In another inspiring account of people’s revolt and anger, thousands took the streets March 29 to protest Bolsonaro’s murderous mishandling of the pandemic.

Jair Bolsonaro was elected on the promise of bringing “change” to the alleged corruption and violence associated with Lula’s Worker’s Party. However, as soon as Bolsonaro took office the promise of change turned out to be a special kind of violence. Since the pandemic started Bolsonaro has been the sponsor of the cruel elimination of almost a half a million people in Brazil, a country of 214 million. In the beginning he was known to have downplayed the virus by calling it a “little flu”. Even after studies claimed the virus was airborne, and death tolls kept rising across the world, Bolsonaro maintained his position – even to the extent of firing the health minister because of his support for social distancing and isolation protocols. The President and his family members (who now also occupy high administrative positions in the government) added directly to the chaotic situation and the death of millions by opposing lockdown measures in different states, opposing vaccine production in Brazil and imports of vaccines from abroad, and spending millions on the “miraculous” hydroxychloroquine, even when there were no studies that supported it as an effective cure for COVID-19. Added to all of this the President and his family fired and threatened anyone who dared to disagree with them.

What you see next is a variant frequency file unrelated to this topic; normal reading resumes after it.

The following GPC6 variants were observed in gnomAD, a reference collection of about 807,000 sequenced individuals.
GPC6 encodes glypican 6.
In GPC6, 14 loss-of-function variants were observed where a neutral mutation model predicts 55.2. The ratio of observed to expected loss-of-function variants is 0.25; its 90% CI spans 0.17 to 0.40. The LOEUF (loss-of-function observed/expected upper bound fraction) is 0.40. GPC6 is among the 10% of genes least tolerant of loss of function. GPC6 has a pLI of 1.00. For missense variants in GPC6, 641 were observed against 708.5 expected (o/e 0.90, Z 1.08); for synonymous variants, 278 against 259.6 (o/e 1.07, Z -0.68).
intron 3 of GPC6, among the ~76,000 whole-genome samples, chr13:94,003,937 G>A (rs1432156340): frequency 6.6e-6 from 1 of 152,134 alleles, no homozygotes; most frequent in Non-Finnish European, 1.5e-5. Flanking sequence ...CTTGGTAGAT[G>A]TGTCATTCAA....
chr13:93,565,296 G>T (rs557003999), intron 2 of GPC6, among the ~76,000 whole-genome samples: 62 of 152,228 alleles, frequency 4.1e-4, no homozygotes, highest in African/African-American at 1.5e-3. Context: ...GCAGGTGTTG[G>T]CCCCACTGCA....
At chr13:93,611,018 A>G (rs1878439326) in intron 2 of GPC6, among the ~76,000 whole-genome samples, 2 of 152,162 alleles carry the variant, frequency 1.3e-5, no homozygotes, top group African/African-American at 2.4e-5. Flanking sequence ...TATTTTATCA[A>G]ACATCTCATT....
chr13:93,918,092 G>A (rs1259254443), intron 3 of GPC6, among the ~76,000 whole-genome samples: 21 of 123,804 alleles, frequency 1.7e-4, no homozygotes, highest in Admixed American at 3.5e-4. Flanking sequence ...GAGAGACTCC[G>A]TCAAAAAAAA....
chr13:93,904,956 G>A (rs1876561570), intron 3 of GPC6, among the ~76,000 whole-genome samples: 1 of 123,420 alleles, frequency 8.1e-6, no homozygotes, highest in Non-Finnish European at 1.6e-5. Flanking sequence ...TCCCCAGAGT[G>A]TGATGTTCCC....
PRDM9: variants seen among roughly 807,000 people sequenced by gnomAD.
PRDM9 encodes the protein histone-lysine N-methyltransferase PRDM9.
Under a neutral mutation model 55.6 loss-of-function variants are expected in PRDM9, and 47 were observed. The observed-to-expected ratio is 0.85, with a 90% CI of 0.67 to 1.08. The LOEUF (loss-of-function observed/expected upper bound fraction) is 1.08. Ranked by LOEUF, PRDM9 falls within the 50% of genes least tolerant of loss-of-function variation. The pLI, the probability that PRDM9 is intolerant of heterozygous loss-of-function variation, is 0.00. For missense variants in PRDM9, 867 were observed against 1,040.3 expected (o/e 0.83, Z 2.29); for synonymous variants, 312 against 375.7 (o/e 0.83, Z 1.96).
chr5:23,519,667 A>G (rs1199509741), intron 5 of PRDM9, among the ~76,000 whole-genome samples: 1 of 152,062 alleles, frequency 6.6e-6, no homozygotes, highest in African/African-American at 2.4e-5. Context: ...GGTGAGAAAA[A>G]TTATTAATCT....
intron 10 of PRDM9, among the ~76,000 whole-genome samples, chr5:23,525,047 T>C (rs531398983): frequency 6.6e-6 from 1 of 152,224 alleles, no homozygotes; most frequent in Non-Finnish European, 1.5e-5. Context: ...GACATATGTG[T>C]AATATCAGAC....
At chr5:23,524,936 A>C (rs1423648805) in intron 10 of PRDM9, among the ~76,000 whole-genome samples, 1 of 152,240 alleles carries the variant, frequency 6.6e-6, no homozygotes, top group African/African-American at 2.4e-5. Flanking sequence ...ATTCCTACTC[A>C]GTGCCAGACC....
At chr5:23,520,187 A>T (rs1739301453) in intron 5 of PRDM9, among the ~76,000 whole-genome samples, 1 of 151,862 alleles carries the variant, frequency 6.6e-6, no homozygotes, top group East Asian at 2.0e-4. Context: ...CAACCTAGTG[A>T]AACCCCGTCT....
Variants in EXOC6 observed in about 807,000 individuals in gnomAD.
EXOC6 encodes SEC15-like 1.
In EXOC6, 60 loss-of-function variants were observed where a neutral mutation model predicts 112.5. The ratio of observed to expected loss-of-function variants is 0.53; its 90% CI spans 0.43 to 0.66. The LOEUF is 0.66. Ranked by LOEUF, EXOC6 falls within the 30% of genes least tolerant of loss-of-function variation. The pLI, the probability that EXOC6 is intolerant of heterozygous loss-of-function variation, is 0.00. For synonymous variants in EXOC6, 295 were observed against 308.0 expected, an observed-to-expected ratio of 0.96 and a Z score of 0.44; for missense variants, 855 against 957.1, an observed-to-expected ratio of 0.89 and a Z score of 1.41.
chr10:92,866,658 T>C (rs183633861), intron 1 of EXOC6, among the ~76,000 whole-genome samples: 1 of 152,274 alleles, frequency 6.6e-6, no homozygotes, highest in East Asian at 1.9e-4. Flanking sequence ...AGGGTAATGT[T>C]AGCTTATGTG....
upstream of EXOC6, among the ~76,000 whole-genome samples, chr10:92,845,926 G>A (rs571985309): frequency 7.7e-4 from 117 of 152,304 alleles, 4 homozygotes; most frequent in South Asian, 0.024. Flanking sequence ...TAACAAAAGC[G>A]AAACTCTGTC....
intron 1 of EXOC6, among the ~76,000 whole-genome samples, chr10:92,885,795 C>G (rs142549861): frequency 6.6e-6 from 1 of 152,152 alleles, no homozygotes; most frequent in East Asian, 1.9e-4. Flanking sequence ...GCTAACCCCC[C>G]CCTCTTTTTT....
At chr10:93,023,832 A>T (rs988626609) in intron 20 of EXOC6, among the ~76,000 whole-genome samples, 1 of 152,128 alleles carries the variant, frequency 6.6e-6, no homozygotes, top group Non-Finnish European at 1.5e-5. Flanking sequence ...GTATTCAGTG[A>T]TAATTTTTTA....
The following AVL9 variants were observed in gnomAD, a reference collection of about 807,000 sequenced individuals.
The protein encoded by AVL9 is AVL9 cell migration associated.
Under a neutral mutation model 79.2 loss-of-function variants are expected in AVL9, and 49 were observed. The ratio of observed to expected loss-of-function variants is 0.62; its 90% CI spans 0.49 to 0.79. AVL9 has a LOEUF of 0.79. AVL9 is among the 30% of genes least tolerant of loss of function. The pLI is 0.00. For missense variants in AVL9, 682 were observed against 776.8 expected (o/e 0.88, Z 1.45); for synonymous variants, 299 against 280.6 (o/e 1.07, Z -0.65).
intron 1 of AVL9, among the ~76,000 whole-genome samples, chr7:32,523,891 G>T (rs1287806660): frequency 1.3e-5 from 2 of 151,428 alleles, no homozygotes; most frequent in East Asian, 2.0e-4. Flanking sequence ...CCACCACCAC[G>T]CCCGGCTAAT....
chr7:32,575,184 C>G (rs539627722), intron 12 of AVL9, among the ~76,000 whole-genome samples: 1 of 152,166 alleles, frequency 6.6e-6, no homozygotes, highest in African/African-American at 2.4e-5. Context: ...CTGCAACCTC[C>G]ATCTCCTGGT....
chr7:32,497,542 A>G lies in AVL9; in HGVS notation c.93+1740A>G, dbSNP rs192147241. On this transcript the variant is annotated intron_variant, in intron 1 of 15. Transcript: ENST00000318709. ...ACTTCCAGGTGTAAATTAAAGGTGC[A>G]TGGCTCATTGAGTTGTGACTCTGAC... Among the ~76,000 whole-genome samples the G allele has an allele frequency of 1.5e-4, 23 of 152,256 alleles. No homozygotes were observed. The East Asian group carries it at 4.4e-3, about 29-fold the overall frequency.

Of course, Bolsonaro is not the only one tainted by corruption in Brazil. Even politicians who posed as heroes opposed to him were involved in shocking corruption scandals. They too side with the bosses and the elite class, and have used the opportunity to enrich themselves. Altogether, the population that has suffered and is continuing to suffer the most during the pandemic has received far less than the minimal assistance from the state to support themselves during this crisis. And in multiple cases it is the ordinary people in the poorest communities have been the ones to organize to provide the services they needed for themselves.

The thousands that took to the streets in 200 different cities spoke directly to this situation and the tensions that have been building up for so long. It is still uncertain where Friday’s mass protests and the cries of “fora (out) Bolsonaro” will lead. But as long as workers and common people in Brazil and around the world are under the thumb of capitalist exploitation, supported by ego-centric and cruel politicians, their fight is our fight too.